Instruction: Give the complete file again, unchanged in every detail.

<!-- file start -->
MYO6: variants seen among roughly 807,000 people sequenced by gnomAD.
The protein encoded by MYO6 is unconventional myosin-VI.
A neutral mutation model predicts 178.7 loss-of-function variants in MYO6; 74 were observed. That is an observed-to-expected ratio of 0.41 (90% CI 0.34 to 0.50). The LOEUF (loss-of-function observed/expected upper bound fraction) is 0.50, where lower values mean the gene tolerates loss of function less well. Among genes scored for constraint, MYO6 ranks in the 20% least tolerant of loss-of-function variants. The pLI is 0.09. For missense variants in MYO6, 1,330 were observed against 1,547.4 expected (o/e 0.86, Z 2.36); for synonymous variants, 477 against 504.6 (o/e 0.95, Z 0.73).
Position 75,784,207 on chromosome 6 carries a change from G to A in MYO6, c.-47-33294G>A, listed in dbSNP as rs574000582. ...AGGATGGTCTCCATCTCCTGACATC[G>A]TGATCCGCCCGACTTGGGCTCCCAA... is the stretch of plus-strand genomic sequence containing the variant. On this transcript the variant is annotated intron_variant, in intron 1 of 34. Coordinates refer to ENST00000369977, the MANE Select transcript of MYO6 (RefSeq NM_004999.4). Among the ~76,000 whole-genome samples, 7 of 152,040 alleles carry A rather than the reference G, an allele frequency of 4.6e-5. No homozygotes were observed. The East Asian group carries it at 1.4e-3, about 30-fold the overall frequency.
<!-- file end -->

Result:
MYO6: variants seen among roughly 807,000 people sequenced by gnomAD.
The protein encoded by MYO6 is unconventional myosin-VI.
A neutral mutation model predicts 178.7 loss-of-function variants in MYO6; 74 were observed. That is an observed-to-expected ratio of 0.41 (90% CI 0.34 to 0.50). The LOEUF (loss-of-function observed/expected upper bound fraction) is 0.50, where lower values mean the gene tolerates loss of function less well. Among genes scored for constraint, MYO6 ranks in the 20% least tolerant of loss-of-function variants. The pLI is 0.09. For missense variants in MYO6, 1,330 were observed against 1,547.4 expected (o/e 0.86, Z 2.36); for synonymous variants, 477 against 504.6 (o/e 0.95, Z 0.73).
Position 75,784,207 on chromosome 6 carries a change from G to A in MYO6, c.-47-33294G>A, listed in dbSNP as rs574000582. ...AGGATGGTCTCCATCTCCTGACATC[G>A]TGATCCGCCCGACTTGGGCTCCCAA... is the stretch of plus-strand genomic sequence containing the variant. On this transcript the variant is annotated intron_variant, in intron 1 of 34. Coordinates refer to ENST00000369977, the MANE Select transcript of MYO6 (RefSeq NM_004999.4). Among the ~76,000 whole-genome samples, 7 of 152,040 alleles carry A rather than the reference G, an allele frequency of 4.6e-5. No homozygotes were observed. The East Asian group carries it at 1.4e-3, about 30-fold the overall frequency.